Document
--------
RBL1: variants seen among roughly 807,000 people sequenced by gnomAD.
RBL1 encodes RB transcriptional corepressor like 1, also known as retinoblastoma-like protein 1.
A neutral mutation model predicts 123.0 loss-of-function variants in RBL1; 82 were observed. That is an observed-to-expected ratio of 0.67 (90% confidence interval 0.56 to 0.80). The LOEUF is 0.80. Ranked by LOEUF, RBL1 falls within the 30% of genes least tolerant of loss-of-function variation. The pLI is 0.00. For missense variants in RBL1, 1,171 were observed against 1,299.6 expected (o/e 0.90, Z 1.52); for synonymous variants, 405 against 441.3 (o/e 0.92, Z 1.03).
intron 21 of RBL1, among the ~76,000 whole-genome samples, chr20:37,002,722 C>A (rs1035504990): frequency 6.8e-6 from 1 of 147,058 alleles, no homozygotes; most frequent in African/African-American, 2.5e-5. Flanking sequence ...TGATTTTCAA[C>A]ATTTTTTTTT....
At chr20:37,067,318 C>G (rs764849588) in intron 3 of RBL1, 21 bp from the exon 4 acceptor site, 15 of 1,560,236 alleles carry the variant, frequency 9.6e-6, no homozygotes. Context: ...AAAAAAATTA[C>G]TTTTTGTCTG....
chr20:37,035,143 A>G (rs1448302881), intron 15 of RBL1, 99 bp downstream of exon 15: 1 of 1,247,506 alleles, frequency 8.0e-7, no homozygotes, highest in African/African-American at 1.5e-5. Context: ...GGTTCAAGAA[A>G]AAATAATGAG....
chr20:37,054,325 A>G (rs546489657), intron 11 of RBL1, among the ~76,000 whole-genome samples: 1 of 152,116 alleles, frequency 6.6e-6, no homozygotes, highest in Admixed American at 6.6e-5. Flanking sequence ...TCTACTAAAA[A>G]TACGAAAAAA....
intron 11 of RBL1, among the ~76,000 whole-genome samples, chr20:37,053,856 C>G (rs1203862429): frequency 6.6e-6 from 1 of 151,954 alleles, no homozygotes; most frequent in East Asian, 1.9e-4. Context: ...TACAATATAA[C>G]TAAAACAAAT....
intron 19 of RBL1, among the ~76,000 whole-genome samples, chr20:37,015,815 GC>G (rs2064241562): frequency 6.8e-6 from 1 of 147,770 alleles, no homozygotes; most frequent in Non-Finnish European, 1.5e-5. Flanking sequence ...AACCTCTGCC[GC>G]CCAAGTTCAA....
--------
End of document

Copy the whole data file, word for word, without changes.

RBL1: variants seen among roughly 807,000 people sequenced by gnomAD.
RBL1 encodes RB transcriptional corepressor like 1, also known as retinoblastoma-like protein 1.
A neutral mutation model predicts 123.0 loss-of-function variants in RBL1; 82 were observed. That is an observed-to-expected ratio of 0.67 (90% confidence interval 0.56 to 0.80). The LOEUF is 0.80. Ranked by LOEUF, RBL1 falls within the 30% of genes least tolerant of loss-of-function variation. The pLI is 0.00. For missense variants in RBL1, 1,171 were observed against 1,299.6 expected (o/e 0.90, Z 1.52); for synonymous variants, 405 against 441.3 (o/e 0.92, Z 1.03).
intron 21 of RBL1, among the ~76,000 whole-genome samples, chr20:37,002,722 C>A (rs1035504990): frequency 6.8e-6 from 1 of 147,058 alleles, no homozygotes; most frequent in African/African-American, 2.5e-5. Flanking sequence ...TGATTTTCAA[C>A]ATTTTTTTTT....
At chr20:37,067,318 C>G (rs764849588) in intron 3 of RBL1, 21 bp from the exon 4 acceptor site, 15 of 1,560,236 alleles carry the variant, frequency 9.6e-6, no homozygotes. Context: ...AAAAAAATTA[C>G]TTTTTGTCTG....
chr20:37,035,143 A>G (rs1448302881), intron 15 of RBL1, 99 bp downstream of exon 15: 1 of 1,247,506 alleles, frequency 8.0e-7, no homozygotes, highest in African/African-American at 1.5e-5. Context: ...GGTTCAAGAA[A>G]AAATAATGAG....
chr20:37,054,325 A>G (rs546489657), intron 11 of RBL1, among the ~76,000 whole-genome samples: 1 of 152,116 alleles, frequency 6.6e-6, no homozygotes, highest in Admixed American at 6.6e-5. Flanking sequence ...TCTACTAAAA[A>G]TACGAAAAAA....
intron 11 of RBL1, among the ~76,000 whole-genome samples, chr20:37,053,856 C>G (rs1203862429): frequency 6.6e-6 from 1 of 151,954 alleles, no homozygotes; most frequent in East Asian, 1.9e-4. Context: ...TACAATATAA[C>G]TAAAACAAAT....
intron 19 of RBL1, among the ~76,000 whole-genome samples, chr20:37,015,815 GC>G (rs2064241562): frequency 6.8e-6 from 1 of 147,770 alleles, no homozygotes; most frequent in Non-Finnish European, 1.5e-5. Flanking sequence ...AACCTCTGCC[GC>G]CCAAGTTCAA....